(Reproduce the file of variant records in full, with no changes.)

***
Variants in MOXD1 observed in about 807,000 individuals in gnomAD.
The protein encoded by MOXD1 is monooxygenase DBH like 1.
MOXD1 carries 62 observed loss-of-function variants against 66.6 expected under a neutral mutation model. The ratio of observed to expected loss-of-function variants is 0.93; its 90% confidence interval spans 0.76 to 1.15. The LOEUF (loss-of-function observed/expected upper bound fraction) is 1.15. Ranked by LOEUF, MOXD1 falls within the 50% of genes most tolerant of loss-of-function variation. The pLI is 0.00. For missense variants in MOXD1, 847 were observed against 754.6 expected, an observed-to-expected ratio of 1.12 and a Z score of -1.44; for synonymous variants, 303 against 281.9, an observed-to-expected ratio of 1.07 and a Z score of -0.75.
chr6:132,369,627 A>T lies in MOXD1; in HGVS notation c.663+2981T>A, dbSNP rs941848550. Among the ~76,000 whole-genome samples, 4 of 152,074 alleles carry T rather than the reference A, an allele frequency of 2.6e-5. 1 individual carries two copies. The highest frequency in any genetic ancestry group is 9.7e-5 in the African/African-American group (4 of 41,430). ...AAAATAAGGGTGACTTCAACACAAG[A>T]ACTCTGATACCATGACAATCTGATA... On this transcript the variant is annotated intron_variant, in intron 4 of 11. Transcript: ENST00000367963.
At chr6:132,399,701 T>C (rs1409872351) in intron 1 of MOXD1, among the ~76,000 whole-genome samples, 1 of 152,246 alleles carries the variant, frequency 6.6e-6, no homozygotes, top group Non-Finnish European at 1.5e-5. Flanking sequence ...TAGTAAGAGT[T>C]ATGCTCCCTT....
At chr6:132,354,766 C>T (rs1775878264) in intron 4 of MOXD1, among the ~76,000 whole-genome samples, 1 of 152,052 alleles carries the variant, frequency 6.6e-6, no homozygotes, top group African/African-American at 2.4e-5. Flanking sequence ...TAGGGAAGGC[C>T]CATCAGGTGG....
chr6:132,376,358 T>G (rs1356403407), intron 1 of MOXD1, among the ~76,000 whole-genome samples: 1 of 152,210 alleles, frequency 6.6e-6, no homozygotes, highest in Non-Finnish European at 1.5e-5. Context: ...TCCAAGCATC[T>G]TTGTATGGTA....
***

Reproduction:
Variants in MOXD1 observed in about 807,000 individuals in gnomAD.
The protein encoded by MOXD1 is monooxygenase DBH like 1.
MOXD1 carries 62 observed loss-of-function variants against 66.6 expected under a neutral mutation model. The ratio of observed to expected loss-of-function variants is 0.93; its 90% confidence interval spans 0.76 to 1.15. The LOEUF (loss-of-function observed/expected upper bound fraction) is 1.15. Ranked by LOEUF, MOXD1 falls within the 50% of genes most tolerant of loss-of-function variation. The pLI is 0.00. For missense variants in MOXD1, 847 were observed against 754.6 expected, an observed-to-expected ratio of 1.12 and a Z score of -1.44; for synonymous variants, 303 against 281.9, an observed-to-expected ratio of 1.07 and a Z score of -0.75.
chr6:132,369,627 A>T lies in MOXD1; in HGVS notation c.663+2981T>A, dbSNP rs941848550. Among the ~76,000 whole-genome samples, 4 of 152,074 alleles carry T rather than the reference A, an allele frequency of 2.6e-5. 1 individual carries two copies. The highest frequency in any genetic ancestry group is 9.7e-5 in the African/African-American group (4 of 41,430). ...AAAATAAGGGTGACTTCAACACAAG[A>T]ACTCTGATACCATGACAATCTGATA... On this transcript the variant is annotated intron_variant, in intron 4 of 11. Transcript: ENST00000367963.
At chr6:132,399,701 T>C (rs1409872351) in intron 1 of MOXD1, among the ~76,000 whole-genome samples, 1 of 152,246 alleles carries the variant, frequency 6.6e-6, no homozygotes, top group Non-Finnish European at 1.5e-5. Flanking sequence ...TAGTAAGAGT[T>C]ATGCTCCCTT....
At chr6:132,354,766 C>T (rs1775878264) in intron 4 of MOXD1, among the ~76,000 whole-genome samples, 1 of 152,052 alleles carries the variant, frequency 6.6e-6, no homozygotes, top group African/African-American at 2.4e-5. Flanking sequence ...TAGGGAAGGC[C>T]CATCAGGTGG....
chr6:132,376,358 T>G (rs1356403407), intron 1 of MOXD1, among the ~76,000 whole-genome samples: 1 of 152,210 alleles, frequency 6.6e-6, no homozygotes, highest in Non-Finnish European at 1.5e-5. Context: ...TCCAAGCATC[T>G]TTGTATGGTA....